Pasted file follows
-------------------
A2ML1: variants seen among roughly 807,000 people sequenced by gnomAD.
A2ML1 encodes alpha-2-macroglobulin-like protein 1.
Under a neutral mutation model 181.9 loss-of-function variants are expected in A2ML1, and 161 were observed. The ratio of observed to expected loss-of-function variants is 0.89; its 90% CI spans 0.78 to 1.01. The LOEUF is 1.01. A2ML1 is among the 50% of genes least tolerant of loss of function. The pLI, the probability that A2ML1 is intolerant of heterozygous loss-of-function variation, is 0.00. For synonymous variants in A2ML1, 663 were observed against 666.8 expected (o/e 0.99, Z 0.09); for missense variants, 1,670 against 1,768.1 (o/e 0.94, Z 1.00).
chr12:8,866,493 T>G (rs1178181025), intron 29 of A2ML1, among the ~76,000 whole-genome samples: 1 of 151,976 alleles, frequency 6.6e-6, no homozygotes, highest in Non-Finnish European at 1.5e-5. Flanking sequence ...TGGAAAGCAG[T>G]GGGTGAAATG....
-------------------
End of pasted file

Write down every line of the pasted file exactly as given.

A2ML1: variants seen among roughly 807,000 people sequenced by gnomAD.
A2ML1 encodes alpha-2-macroglobulin-like protein 1.
Under a neutral mutation model 181.9 loss-of-function variants are expected in A2ML1, and 161 were observed. The ratio of observed to expected loss-of-function variants is 0.89; its 90% CI spans 0.78 to 1.01. The LOEUF is 1.01. A2ML1 is among the 50% of genes least tolerant of loss of function. The pLI, the probability that A2ML1 is intolerant of heterozygous loss-of-function variation, is 0.00. For synonymous variants in A2ML1, 663 were observed against 666.8 expected (o/e 0.99, Z 0.09); for missense variants, 1,670 against 1,768.1 (o/e 0.94, Z 1.00).
chr12:8,866,493 T>G (rs1178181025), intron 29 of A2ML1, among the ~76,000 whole-genome samples: 1 of 151,976 alleles, frequency 6.6e-6, no homozygotes, highest in Non-Finnish European at 1.5e-5. Flanking sequence ...TGGAAAGCAG[T>G]GGGTGAAATG....